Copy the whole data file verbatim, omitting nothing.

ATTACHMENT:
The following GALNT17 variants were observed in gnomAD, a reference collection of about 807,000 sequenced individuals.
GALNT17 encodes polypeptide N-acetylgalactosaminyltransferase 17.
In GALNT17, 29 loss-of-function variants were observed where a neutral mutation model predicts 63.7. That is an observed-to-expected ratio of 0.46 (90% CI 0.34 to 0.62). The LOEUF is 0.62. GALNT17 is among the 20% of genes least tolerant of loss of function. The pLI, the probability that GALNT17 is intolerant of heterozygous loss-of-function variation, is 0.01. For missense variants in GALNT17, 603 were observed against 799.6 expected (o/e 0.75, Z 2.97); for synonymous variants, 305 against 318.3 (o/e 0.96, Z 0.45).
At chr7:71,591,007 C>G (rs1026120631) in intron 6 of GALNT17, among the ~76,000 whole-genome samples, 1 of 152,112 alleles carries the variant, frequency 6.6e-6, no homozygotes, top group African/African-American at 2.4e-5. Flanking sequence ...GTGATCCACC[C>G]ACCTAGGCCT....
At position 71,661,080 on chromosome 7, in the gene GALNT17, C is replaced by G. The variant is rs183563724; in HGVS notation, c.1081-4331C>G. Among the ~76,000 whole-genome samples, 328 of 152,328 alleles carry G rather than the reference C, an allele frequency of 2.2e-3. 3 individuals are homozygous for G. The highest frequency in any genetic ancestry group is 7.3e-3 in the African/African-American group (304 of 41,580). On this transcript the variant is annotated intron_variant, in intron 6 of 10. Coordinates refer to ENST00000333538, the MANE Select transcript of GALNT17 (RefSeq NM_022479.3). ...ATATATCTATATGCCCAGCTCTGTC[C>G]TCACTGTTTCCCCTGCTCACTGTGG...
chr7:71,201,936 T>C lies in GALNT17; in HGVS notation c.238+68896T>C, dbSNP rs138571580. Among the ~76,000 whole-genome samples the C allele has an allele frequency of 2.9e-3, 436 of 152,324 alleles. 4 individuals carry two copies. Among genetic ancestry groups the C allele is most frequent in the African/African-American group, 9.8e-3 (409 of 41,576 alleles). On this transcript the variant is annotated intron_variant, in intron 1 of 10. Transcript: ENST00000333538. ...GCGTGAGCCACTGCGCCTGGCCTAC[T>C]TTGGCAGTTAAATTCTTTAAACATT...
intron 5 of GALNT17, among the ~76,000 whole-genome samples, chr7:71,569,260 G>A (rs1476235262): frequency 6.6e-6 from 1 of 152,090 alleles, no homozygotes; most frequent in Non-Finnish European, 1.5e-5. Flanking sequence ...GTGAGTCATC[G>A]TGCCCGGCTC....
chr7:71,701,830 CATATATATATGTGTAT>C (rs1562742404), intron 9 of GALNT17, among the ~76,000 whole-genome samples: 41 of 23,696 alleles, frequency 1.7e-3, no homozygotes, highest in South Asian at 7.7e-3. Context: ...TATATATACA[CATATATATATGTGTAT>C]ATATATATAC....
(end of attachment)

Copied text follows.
The following GALNT17 variants were observed in gnomAD, a reference collection of about 807,000 sequenced individuals.
GALNT17 encodes polypeptide N-acetylgalactosaminyltransferase 17.
In GALNT17, 29 loss-of-function variants were observed where a neutral mutation model predicts 63.7. That is an observed-to-expected ratio of 0.46 (90% CI 0.34 to 0.62). The LOEUF is 0.62. GALNT17 is among the 20% of genes least tolerant of loss of function. The pLI, the probability that GALNT17 is intolerant of heterozygous loss-of-function variation, is 0.01. For missense variants in GALNT17, 603 were observed against 799.6 expected (o/e 0.75, Z 2.97); for synonymous variants, 305 against 318.3 (o/e 0.96, Z 0.45).
At chr7:71,591,007 C>G (rs1026120631) in intron 6 of GALNT17, among the ~76,000 whole-genome samples, 1 of 152,112 alleles carries the variant, frequency 6.6e-6, no homozygotes, top group African/African-American at 2.4e-5. Flanking sequence ...GTGATCCACC[C>G]ACCTAGGCCT....
At position 71,661,080 on chromosome 7, in the gene GALNT17, C is replaced by G. The variant is rs183563724; in HGVS notation, c.1081-4331C>G. Among the ~76,000 whole-genome samples, 328 of 152,328 alleles carry G rather than the reference C, an allele frequency of 2.2e-3. 3 individuals are homozygous for G. The highest frequency in any genetic ancestry group is 7.3e-3 in the African/African-American group (304 of 41,580). On this transcript the variant is annotated intron_variant, in intron 6 of 10. Coordinates refer to ENST00000333538, the MANE Select transcript of GALNT17 (RefSeq NM_022479.3). ...ATATATCTATATGCCCAGCTCTGTC[C>G]TCACTGTTTCCCCTGCTCACTGTGG...
chr7:71,201,936 T>C lies in GALNT17; in HGVS notation c.238+68896T>C, dbSNP rs138571580. Among the ~76,000 whole-genome samples the C allele has an allele frequency of 2.9e-3, 436 of 152,324 alleles. 4 individuals carry two copies. Among genetic ancestry groups the C allele is most frequent in the African/African-American group, 9.8e-3 (409 of 41,576 alleles). On this transcript the variant is annotated intron_variant, in intron 1 of 10. Transcript: ENST00000333538. ...GCGTGAGCCACTGCGCCTGGCCTAC[T>C]TTGGCAGTTAAATTCTTTAAACATT...
intron 5 of GALNT17, among the ~76,000 whole-genome samples, chr7:71,569,260 G>A (rs1476235262): frequency 6.6e-6 from 1 of 152,090 alleles, no homozygotes; most frequent in Non-Finnish European, 1.5e-5. Flanking sequence ...GTGAGTCATC[G>A]TGCCCGGCTC....
chr7:71,701,830 CATATATATATGTGTAT>C (rs1562742404), intron 9 of GALNT17, among the ~76,000 whole-genome samples: 41 of 23,696 alleles, frequency 1.7e-3, no homozygotes, highest in South Asian at 7.7e-3. Context: ...TATATATACA[CATATATATATGTGTAT>C]ATATATATAC....